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their oil coul should be exempt. here on the other side is an amendment that is very, very broad, open-innedended, all far. i would urge my colleagues to resist the amendment. and i think the senator from oklahoma wants to speak. mr. inhofe: let me make one comment for clarification. and we will have the opportunity to look at this closer as the senator from california suggests, tomorrow. because we have talked about this in the past of the this is just extending that may 30 date through the he could of the fiscal year. as you know, everything that would be an amendment adopted on this would expire at the end of the year. so it is an extension of that time because by their own admission, the e.p.a. has not had time to listen to the concerns of the farmers, and i'm talking about farmers in both of your states there, as well as my state of oklahoma. and as far as making the determination as to where the oil might go, i think we all
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know that would be a very difficult thing to do. there's been an effort for quite sometime to take the word "navigable" out, which could really open it up to anywhere. so i think perhaps tomorrow we'll have time to get into this. and i a i really wanted to get n the queue. i thank -- mr. reed: if i could reclaim the time -- the presiding officer: the senator from rhode island. mr. reed: i think the senator'senator's comments are e in that because the c.r. terminates on september 30, then because of the term nation of the c.r., this language might go away. but this language here is not clear -- that's the point of senator from california made -- is not a time certain for the e.p.a. to do something. it is no funds, no farms. and i think there is a reasonable concern that i have that this will not just be a deliberative delay of several months, but this is the intent to stop this indefinitely as this language is drafted.
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mr. inhofe: look, i would just conclude by saying, yes, that would be my intent. but not with this legislation. this amendment doesn't do that. i actually do have a bill that i have up that would permanently exempt farmers in certain categories from being under this -- the jurisdiction of this -- of these limitations. but that isn't what this is at this time. thank you very much. i thank the president. mr. reed: i thank the senator from oklahoma, and i would yield the floor. mrs. murray: mr. president? the presiding officer: the senator from washington state. mrs. murray: i ask unanimous consent to speak as in morning business for ten minutes. the presiding officer: without objection. mrs. murray: thank you, mr. president. mr. president, here in washington, d.c., the budget debate is often discussed in terms of abstract numbers and political winners and losers. but the truth is that budgets are about far more than that. they are about our values and our priorities, and they are about the people across the country whose lives are impacted by the decisions that we make.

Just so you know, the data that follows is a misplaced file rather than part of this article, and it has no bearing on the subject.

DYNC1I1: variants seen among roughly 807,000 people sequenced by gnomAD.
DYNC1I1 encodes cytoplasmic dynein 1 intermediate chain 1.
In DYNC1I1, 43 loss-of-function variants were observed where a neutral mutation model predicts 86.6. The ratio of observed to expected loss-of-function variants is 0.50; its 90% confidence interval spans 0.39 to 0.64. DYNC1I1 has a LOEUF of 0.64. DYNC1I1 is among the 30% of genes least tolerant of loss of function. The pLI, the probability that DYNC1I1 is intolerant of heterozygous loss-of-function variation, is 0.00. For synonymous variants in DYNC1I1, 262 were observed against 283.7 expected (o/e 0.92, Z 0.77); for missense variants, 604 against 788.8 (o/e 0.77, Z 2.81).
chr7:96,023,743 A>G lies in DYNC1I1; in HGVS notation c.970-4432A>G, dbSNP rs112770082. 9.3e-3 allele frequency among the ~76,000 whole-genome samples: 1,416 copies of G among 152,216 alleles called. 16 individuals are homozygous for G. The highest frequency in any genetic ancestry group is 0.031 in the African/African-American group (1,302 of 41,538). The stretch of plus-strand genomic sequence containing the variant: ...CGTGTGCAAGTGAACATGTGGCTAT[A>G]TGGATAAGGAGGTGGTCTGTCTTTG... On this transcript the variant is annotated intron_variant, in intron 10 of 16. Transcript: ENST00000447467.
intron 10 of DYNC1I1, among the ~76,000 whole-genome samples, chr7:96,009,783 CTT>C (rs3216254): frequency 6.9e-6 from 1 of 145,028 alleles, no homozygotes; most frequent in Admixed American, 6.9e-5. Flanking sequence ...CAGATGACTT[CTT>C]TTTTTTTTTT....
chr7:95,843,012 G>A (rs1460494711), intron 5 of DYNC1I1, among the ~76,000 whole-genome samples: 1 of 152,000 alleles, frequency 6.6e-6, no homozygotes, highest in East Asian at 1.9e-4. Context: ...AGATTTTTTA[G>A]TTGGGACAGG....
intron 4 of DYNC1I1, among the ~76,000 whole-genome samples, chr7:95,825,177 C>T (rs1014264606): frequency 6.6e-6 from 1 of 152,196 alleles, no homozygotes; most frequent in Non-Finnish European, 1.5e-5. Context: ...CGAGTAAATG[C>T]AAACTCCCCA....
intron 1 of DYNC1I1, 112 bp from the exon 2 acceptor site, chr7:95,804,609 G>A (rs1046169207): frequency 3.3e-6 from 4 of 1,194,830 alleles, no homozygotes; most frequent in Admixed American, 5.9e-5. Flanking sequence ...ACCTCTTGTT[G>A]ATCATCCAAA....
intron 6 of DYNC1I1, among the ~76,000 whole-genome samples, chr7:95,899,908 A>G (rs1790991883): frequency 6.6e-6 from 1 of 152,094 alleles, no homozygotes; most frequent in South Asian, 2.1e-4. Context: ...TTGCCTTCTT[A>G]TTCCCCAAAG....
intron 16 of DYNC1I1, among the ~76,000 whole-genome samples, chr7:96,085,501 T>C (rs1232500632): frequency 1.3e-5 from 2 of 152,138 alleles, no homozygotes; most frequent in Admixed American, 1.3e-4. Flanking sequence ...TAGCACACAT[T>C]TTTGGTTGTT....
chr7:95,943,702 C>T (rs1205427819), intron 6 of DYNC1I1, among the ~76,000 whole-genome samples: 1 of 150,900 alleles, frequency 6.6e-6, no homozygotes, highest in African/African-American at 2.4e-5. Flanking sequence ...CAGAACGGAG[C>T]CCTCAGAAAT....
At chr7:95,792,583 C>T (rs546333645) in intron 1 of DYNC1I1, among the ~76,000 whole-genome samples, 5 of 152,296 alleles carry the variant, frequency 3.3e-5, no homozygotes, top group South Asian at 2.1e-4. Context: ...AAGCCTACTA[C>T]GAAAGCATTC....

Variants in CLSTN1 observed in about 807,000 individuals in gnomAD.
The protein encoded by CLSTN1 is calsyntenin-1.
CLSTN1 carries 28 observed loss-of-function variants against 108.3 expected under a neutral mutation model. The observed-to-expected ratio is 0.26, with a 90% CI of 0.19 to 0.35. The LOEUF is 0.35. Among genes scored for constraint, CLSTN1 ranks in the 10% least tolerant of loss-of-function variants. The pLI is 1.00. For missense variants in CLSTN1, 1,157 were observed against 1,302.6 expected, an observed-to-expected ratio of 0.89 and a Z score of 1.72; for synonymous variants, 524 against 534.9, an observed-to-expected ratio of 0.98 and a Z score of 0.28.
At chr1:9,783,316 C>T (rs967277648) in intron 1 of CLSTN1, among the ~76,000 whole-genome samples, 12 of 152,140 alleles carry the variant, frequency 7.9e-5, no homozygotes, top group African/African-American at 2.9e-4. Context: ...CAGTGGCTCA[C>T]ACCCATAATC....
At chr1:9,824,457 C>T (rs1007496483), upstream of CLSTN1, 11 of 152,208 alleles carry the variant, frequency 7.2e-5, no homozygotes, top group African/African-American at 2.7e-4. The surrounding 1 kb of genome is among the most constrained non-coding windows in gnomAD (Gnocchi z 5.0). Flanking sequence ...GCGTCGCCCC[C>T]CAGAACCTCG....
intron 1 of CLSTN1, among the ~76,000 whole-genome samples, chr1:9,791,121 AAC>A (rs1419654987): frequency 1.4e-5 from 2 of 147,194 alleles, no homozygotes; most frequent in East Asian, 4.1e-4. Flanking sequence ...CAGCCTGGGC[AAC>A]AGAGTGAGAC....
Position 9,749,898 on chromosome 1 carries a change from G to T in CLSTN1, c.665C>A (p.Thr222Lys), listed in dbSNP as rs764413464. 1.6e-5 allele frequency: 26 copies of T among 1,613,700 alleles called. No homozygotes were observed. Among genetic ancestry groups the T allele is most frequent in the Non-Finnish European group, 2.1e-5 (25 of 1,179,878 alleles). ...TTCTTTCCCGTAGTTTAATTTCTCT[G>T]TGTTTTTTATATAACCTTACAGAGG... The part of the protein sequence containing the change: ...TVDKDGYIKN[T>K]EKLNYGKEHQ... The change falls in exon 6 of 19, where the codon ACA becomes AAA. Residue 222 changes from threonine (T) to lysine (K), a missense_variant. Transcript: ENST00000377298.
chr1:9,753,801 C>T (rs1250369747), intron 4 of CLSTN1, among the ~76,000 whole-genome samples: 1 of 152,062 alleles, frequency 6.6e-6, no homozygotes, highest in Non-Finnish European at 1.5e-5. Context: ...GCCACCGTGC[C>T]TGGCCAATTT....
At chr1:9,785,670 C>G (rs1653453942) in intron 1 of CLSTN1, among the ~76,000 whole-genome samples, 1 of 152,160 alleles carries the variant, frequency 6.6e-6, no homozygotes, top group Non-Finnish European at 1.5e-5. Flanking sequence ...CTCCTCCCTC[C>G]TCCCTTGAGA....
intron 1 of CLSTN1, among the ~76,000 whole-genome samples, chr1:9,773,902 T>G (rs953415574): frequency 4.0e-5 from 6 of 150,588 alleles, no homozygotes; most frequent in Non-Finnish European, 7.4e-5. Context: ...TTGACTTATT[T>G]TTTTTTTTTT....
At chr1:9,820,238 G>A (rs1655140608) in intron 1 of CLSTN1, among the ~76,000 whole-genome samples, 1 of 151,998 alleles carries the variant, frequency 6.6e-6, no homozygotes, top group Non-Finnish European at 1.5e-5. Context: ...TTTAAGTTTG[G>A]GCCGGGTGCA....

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today the senate budget committee discussed one approach to tackling our budget challenges, an approach that while getting our debt and deficits under control will also create jobs and build the foundation for prosperity from the middle out. tomorrow we will continue this discussion and vote on a plan. then we will move this debate here to the senate floor and then hopefully work towards a balanced and bipartisan agreement with the house of representatives while the american people have a chance to weigh in. mr. president, i believe our budget must meet not just one but many pressing challenges of our time. we've come a long way since early 2009 when president obama entered office facing massive deficits and an economy that was shedding hundreds of thousands of jobs per month. now we've made progress towards getting our debt and deficits under control, and we've added back jobs, but the recovery
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isn't as strong or as fast as it needs to be. millions of workers continue struggling to get back to work, and we still have some very serious challenges when it comes to our medium- and long-term deficit and debt challenges. in the coming weeks and months, we will be asked to make tough choices as we work to tackle these challenges responsibly. this process is not going to be easy. there's a serious difference of opinion about what our government should be doing to keep our economy and our national finances moving in the right direction. one approach is to follow a path back to the economic policies of the last administration. this is the path to more tax cuts for the rich but less opportunity for the middle class to get ahead. it is a path not to prosperity, which can only truly be built from the middle out, but to the deterioration of our national infrastructure and the decline of our schools and the